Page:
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home : most recent : vigo September 23, 2017


8/23/2017 12:35:00 PM
Terre Haute mayor: Nothing 'really painful' in budget plan

Dave Taylor, Tribune-Star

Mayor Duke Bennett told the Terre Haute City Council on Tuesday there is “nothing that’s really painful” in a still-developing plan to balance the city’s 2017 budget.

The plan being prepared by financial consultants H.J. Umbaugh and Associates of Indianapolis will rely largely on fund reallocation, though there may also be a “borrowing component,” Bennett said.

As about 50 people looked on, including several city employees, the mayor and council discussed for the first time publicly a state mandate to reduce general fund spending by $7.9 million and total spending by $9.2 million.

The discussion followed separate meetings earlier in the day that members of the administration and council had with representatives of state oversight agencies to determine if the city’s plan was on track and get answers to council leaders’ questions.

“We had a great meeting,” Bennett said of the administration’s session with officials from the Indiana Department of Local Government Finance and State Board of Tax Commissioners. “We were very comforted in knowing that every step that we have in there are things that they will accept when we send our appropriations in.”

But council President Karrum Nasser, D-3rd, had a different account of the meeting he and councilman Earl Elliott, R-2nd, had with state officials. 

“When we asked about the plan, they told us that it’s really not up to them to say that that’s a good plan or not,” Nasser said. “It’s basically up to us as a city council/legislative-fiscal policy to determine if that’s a reasonable plan.”

Bennett said the budget balancing act is “all on paper,” repeating a phrase he has used from the start to describe cuts stemming from what he described as a one-year anomaly in state rules for preparing municipal budgets. Cities were required this year to take property tax caps into account on the expense side of the ledger.

City officials said they learned after the fact they could have simply entered zeroes in the spending plan and avoided the state’s budget cut order and resulting turmoil. “We sent the forms in following the rules to a T and were penalized for it,” Bennett said. An Umbaugh representative will unveil the administration’s plan to comply with the state order at a special council meeting set for Sept. 7 as part of a five-year financial plan.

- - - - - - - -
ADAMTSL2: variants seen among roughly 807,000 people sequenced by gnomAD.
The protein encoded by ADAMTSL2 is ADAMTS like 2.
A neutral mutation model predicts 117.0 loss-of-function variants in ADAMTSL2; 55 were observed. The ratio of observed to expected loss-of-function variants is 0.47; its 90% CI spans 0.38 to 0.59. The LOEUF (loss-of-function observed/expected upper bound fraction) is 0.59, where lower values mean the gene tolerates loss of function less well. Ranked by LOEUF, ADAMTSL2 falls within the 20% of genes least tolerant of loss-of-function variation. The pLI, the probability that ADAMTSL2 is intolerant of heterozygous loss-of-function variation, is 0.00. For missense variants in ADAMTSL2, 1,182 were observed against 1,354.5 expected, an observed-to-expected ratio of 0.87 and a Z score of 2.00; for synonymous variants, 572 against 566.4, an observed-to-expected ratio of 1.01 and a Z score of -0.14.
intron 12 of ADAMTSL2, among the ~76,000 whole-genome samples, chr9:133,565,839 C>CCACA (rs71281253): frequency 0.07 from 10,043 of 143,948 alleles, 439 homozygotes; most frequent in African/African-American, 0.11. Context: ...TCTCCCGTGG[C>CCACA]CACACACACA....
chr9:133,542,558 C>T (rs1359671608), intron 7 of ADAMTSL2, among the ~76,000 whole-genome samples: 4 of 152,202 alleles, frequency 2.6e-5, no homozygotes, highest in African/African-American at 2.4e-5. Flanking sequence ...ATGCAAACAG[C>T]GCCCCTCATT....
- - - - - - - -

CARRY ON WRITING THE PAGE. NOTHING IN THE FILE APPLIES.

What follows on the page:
Bennett noted the city will still reduce its longstanding budget deficit this year and said a local income tax increase before the Vigo County Council would help make more rapid progress in deficit reduction in future years.

Following last year’s imposition of a trash collection fee, a sewer rate increase and an increase in payments in lieu of taxes from the wastewater utility,
Bennett said a public safety income tax is the only new revenue his administration is counting on for the next three years.

Elliott, finance committee chairman, said he is “much less concerned” about a potential penalty if the city overspends its budget after learning from state officials that the penalty is “incredibly flexible.”

That flexibility, and word that the penalty is rarely enforced, makes it clear, he said, why the Bennett administration did not share the council’s level of concern about the matter.

Elliott has identified nine city funds with current surpluses totaling nearly $9.4 million that could be tapped to shore up other funds that account for the $9.2 million in deficits. While tensions among council members seem to have eased, and the city appears on track to comply with the state-ordered cut, Nasser seized the opportunity to grill Bennett about what the mayor knew and when he knew it.

Bennett said he learned of the state’s order in February but did not know the size of the required cut until
May.

“Is it normal for you to have three or four months to go by before you receive
that?” Nasser asked.

“Yeah. Absolutely,” Bennett replied. “That’s not my job. I don’t do that. Financial consultants and the controller deal with that and they
were dealing with that.”

Nasser said he requested future budget adjustment notices from the state also be sent to the chief deputy city clerk to be forwarded to
the council.

Related Stories:
• State audit: 'Substantial doubt' persists about Terre Haute's financial future
• State to Terre Haute: Cut general fund budget spending by $8 million this year
• How hard are tax caps hitting Indiana area communities?

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